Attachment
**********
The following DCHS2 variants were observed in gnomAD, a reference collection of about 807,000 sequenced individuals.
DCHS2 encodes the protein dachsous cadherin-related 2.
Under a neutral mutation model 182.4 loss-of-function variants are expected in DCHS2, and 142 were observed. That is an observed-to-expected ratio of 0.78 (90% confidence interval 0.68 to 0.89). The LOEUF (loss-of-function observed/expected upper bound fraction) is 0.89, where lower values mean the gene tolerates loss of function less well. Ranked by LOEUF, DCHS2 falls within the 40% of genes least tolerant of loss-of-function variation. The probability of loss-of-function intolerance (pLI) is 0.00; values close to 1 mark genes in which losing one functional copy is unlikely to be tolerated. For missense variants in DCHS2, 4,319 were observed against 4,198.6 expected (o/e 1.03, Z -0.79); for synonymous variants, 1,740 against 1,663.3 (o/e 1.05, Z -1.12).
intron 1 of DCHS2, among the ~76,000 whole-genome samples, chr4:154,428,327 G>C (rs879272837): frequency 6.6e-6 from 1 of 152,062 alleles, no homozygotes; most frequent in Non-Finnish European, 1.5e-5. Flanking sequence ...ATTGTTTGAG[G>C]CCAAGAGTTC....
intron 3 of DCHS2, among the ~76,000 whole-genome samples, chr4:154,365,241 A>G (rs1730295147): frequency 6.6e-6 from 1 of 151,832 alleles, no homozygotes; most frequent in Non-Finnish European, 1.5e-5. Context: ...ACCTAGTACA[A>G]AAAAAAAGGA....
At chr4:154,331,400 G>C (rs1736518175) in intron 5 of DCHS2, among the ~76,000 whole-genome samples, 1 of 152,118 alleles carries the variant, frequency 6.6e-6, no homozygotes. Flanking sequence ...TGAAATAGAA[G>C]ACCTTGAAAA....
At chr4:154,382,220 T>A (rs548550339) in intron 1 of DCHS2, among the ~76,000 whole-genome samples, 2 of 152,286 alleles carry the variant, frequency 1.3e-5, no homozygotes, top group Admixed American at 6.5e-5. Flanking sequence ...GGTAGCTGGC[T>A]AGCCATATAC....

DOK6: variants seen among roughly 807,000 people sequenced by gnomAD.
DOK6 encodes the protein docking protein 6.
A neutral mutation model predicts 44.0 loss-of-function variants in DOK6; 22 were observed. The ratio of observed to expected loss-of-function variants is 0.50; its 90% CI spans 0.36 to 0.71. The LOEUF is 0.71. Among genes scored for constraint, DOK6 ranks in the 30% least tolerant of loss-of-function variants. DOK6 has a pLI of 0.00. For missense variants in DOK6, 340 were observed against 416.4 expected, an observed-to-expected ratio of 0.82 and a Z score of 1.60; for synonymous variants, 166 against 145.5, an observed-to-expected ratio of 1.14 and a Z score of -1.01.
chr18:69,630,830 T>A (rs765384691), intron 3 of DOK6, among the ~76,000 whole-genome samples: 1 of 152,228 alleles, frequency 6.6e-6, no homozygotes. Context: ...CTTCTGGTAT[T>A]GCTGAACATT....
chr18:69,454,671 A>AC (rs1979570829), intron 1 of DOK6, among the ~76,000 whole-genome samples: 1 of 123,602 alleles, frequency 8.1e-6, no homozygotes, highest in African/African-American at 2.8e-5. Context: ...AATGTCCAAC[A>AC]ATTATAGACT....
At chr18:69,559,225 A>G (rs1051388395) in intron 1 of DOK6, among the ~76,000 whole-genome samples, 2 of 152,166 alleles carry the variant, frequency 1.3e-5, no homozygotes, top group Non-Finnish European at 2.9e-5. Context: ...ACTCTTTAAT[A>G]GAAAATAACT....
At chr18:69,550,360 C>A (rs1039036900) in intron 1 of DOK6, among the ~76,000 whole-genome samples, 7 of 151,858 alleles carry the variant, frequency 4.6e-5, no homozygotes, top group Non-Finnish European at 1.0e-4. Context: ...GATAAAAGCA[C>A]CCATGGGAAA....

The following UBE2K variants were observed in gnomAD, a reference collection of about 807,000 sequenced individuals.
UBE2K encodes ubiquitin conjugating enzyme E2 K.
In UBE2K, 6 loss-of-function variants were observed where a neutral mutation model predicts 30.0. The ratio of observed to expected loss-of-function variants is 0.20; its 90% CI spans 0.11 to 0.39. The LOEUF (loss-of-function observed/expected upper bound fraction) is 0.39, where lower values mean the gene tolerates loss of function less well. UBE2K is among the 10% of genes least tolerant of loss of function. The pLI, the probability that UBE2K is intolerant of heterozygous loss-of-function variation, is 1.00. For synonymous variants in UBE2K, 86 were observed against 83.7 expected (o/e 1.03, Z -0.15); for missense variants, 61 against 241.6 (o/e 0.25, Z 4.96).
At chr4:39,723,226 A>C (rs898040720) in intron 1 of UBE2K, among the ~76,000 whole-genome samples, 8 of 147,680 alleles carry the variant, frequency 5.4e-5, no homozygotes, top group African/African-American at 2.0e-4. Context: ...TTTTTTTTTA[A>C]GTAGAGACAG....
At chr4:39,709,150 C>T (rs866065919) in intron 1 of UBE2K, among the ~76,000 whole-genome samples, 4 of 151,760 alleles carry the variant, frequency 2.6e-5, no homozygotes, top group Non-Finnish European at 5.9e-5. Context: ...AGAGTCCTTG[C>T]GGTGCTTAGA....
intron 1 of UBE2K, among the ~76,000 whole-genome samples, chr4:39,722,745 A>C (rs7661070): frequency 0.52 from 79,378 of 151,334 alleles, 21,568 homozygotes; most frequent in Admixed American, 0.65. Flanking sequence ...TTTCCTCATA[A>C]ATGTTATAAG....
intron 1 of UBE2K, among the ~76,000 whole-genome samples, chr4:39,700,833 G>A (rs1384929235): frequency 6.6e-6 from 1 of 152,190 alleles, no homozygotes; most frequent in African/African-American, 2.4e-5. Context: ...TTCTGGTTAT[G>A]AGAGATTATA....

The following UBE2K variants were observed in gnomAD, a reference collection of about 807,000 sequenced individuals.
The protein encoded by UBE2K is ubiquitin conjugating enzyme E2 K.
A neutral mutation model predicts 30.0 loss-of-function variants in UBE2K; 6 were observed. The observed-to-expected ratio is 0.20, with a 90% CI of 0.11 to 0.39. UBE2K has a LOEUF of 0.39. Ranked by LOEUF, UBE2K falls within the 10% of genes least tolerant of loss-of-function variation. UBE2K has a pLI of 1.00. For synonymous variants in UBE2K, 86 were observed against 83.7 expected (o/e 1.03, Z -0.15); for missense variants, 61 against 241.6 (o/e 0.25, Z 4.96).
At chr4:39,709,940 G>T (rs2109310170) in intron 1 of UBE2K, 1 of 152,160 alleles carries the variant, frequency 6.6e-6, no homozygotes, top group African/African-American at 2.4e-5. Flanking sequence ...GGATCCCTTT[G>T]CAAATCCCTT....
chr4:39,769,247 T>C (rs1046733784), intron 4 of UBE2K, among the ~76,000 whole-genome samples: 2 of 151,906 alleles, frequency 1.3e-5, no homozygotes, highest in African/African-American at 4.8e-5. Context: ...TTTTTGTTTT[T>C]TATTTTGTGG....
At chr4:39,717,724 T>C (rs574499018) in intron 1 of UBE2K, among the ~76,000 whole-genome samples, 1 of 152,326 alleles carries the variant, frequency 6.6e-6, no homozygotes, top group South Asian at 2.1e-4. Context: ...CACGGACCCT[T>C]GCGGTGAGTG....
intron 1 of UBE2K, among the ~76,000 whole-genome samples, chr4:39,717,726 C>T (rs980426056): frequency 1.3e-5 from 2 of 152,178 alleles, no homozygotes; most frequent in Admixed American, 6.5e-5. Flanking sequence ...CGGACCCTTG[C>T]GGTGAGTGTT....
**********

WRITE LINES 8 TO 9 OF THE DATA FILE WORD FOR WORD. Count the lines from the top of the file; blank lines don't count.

DOK6: variants seen among roughly 807,000 people sequenced by gnomAD.
DOK6 encodes the protein docking protein 6.